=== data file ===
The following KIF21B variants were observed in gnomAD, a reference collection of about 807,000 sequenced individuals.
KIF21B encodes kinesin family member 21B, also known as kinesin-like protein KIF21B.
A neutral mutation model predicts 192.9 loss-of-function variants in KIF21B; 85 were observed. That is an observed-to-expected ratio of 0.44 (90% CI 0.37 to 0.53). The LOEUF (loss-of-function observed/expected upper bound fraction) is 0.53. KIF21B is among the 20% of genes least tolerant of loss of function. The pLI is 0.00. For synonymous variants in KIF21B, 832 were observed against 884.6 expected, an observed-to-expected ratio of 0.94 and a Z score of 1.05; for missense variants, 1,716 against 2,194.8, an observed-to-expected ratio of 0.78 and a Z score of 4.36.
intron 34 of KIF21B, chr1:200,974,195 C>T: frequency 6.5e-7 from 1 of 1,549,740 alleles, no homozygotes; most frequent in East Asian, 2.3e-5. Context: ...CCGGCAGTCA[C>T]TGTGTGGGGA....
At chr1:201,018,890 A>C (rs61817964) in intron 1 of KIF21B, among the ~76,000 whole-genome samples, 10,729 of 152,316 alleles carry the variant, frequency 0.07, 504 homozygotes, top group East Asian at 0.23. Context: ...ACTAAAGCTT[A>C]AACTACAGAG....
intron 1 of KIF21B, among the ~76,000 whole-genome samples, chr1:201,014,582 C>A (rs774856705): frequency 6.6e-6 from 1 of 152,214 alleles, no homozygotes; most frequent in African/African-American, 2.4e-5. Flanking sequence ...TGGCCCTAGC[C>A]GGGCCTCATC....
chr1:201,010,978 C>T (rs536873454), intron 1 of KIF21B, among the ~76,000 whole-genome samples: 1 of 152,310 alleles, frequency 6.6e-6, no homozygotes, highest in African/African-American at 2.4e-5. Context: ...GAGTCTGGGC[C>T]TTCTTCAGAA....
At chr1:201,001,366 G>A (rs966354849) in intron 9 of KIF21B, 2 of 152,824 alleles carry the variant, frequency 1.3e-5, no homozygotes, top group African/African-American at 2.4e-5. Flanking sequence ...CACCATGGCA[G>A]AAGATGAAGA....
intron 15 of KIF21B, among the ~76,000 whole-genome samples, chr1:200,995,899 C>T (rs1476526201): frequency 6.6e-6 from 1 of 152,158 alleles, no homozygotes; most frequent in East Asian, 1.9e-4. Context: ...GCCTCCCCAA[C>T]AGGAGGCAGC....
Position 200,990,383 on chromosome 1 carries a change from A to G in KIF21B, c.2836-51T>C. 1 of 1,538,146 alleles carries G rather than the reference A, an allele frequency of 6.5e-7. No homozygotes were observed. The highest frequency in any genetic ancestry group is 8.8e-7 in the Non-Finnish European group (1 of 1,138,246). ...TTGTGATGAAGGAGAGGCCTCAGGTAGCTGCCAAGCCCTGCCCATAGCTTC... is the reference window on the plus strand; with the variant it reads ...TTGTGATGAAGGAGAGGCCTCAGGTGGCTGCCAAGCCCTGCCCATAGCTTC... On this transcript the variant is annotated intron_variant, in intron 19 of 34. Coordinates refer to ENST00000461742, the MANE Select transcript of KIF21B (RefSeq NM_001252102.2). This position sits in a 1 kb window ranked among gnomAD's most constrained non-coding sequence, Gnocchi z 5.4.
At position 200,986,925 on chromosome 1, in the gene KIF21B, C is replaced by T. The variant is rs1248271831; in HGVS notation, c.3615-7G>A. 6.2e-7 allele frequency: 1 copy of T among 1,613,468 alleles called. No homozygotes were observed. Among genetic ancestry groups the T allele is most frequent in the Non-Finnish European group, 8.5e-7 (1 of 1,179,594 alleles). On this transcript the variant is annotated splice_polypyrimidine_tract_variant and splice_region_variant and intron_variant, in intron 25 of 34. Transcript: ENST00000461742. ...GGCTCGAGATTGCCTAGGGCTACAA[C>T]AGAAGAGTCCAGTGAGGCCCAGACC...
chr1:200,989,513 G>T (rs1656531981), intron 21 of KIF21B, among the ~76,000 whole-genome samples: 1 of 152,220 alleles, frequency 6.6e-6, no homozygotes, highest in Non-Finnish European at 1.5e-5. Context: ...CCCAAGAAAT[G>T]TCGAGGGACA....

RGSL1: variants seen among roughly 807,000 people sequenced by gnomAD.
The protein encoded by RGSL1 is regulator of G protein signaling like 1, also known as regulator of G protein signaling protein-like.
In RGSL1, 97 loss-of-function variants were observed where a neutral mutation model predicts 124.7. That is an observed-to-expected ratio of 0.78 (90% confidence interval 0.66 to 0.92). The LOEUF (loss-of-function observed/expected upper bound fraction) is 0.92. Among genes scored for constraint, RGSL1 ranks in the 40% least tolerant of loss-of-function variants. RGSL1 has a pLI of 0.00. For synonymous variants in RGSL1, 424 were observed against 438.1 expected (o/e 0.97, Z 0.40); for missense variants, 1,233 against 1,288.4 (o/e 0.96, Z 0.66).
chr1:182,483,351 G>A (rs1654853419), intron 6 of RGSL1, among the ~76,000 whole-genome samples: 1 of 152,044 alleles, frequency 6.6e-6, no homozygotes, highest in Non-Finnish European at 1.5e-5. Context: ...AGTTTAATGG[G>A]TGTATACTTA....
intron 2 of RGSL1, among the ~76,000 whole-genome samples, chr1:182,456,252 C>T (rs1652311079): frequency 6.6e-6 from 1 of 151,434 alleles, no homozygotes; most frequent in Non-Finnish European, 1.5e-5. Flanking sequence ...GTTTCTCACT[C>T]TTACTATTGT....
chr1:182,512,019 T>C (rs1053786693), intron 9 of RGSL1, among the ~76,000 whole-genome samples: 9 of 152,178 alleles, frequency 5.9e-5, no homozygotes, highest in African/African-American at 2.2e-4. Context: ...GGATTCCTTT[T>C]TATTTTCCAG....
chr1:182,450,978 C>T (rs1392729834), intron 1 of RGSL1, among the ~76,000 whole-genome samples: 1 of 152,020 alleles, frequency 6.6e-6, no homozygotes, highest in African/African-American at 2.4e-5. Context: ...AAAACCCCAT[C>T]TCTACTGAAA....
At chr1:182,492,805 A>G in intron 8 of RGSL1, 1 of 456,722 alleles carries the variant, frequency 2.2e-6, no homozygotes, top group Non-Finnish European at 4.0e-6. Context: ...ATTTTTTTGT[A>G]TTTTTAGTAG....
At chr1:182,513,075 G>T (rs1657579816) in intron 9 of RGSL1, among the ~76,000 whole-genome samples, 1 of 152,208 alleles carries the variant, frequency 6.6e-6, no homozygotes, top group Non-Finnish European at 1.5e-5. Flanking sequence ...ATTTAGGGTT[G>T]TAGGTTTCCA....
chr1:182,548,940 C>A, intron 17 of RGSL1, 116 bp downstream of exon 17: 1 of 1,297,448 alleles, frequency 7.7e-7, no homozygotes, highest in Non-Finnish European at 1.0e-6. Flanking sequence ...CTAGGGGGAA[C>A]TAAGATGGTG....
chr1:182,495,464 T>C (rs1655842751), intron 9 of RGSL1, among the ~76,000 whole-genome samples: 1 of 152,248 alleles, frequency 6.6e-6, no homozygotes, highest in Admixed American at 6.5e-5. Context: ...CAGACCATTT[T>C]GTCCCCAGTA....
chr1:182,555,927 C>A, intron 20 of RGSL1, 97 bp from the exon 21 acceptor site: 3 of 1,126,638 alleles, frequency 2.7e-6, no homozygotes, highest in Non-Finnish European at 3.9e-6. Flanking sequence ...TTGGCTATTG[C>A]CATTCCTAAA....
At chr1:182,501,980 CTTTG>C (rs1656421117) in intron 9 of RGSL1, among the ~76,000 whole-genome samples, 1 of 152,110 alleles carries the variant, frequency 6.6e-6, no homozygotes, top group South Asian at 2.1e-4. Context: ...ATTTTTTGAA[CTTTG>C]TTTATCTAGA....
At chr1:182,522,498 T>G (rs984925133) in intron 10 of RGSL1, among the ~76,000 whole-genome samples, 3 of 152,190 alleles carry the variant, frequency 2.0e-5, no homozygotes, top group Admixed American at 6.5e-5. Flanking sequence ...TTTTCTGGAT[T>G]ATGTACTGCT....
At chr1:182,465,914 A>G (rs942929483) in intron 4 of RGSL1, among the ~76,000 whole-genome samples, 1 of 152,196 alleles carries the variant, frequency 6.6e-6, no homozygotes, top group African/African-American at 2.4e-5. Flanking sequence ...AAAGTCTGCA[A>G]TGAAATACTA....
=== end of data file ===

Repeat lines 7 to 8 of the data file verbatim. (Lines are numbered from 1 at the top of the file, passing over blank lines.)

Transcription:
chr1:201,010,978 C>T (rs536873454), intron 1 of KIF21B, among the ~76,000 whole-genome samples: 1 of 152,310 alleles, frequency 6.6e-6, no homozygotes, highest in African/African-American at 2.4e-5. Context: ...GAGTCTGGGC[C>T]TTCTTCAGAA....
At chr1:201,001,366 G>A (rs966354849) in intron 9 of KIF21B, 2 of 152,824 alleles carry the variant, frequency 1.3e-5, no homozygotes, top group African/African-American at 2.4e-5. Flanking sequence ...CACCATGGCA[G>A]AAGATGAAGA....